Tuesday, February 25, 2020

Tribal Business News Briefs: Feb. 25, 2020

By Native News Online Staff - February 25, 2020 at 09:13AM


The Prairie Band Potawatomi Nation’s plan to grow industrial hemp was approved by the U.S. Dept. of Agriculture, according to a post on the Nation’s website.  The move is the first step in a process to diversify the Tribe’s farm program, according to Chairman Joseph Rupnick. To date, ten tribes and eight states have received approval for hemp production plans. It is reported that the tribal hemp plans are surpassing expectations with the level of expertise and acumen displayed in the codes submitted for approval. Other tribal Nations with approved plans include Colorado River Indian Tribes, Flandreau Santee Sioux Tribe, Fort Belknap Indian Community, Iowa Tribe of Kansas and Nebraska, La Jolla Band of Luiseno Indian Tribes, Santa Rosa Cahuilla Indian Tribe, and the Yurok Tribe. 

Higher Education

The University of Nevada Las Vegas announced a $9 million gift from the San Manuel Band of Mission Indians that will position the university as the nation’s leading source for education and innovation related to tribal gaming operations and law, according to a news release. The gift – the largest out-of-state philanthropic gift that the California-based San Manuel Band of Mission Indians has bestowed on an educational or healthcare institution – will support course development and an endowed chair at the William F. Harrah College of Hospitality. It will also provide curricular, faculty, and program support at the William S. Boyd School of Law. The historic agreement will for the first time infuse the unique elements of tribal gaming into the world’s leading hospitality and gaming program, and add a tribal gaming emphasis to the nation’s only master’s degree program in gaming law.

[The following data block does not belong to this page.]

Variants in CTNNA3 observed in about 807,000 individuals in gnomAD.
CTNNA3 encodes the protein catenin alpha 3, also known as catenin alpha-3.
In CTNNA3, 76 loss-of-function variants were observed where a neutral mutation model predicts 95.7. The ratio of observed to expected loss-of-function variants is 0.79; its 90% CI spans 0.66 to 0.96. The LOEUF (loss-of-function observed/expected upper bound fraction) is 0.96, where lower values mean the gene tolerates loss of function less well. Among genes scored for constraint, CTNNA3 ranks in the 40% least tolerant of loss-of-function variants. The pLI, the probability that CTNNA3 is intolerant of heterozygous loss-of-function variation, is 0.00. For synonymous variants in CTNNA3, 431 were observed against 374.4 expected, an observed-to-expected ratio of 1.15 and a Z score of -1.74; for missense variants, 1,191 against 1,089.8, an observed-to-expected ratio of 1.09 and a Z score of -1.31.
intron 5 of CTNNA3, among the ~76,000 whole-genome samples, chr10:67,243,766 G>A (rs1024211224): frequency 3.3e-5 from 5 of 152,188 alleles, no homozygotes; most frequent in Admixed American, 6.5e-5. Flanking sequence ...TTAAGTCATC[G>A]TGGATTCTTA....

Real Estate/Development

The Shoshone-Bannock Tribes purchased 157 acres of “prime commercial development land” in Mountain Home, Idaho, according to a report in Mountain Home News. The property is located 30 minutes from Boise and the city of Mountain Home has an Opportunity Zone designation, which allows for economic development opportunities for the Tribes.  No decision has been made on the use of the property, according to a source quoted in the news report. 

Health Care

WSU Health Sciences Spokane announced it will expand its support for Native American students, faculty members and prospective students with a $250,000 grant from the Empire Health Foundation, according to a report in The Spokesman-Review. The funding will assist in the creation of the Center for Native American Health and will also be used to develop programs for students interested in health sciences.  


The board of directors of Goldbelt, Incorporated, Juneau’s urban Alaska Native Corporation, selected McHugh Pierre to serve as its next President & CEO. Pierre has filled this role in an interim capacity since April 2019. Pierre joined Goldbelt in March 2015 as the Vice President of Alaska Operations. Prior to joining Goldbelt, Pierre owned and operated Quantum Communications, a public relations and government affairs firm. In addition, he has served as Deputy Commissioner and Director of Public and Government Affairs at the State of Alaska’s Department of Military and Veterans Affairs, as well as Director of Public Relations in the Office of Governor Frank Murkowski.

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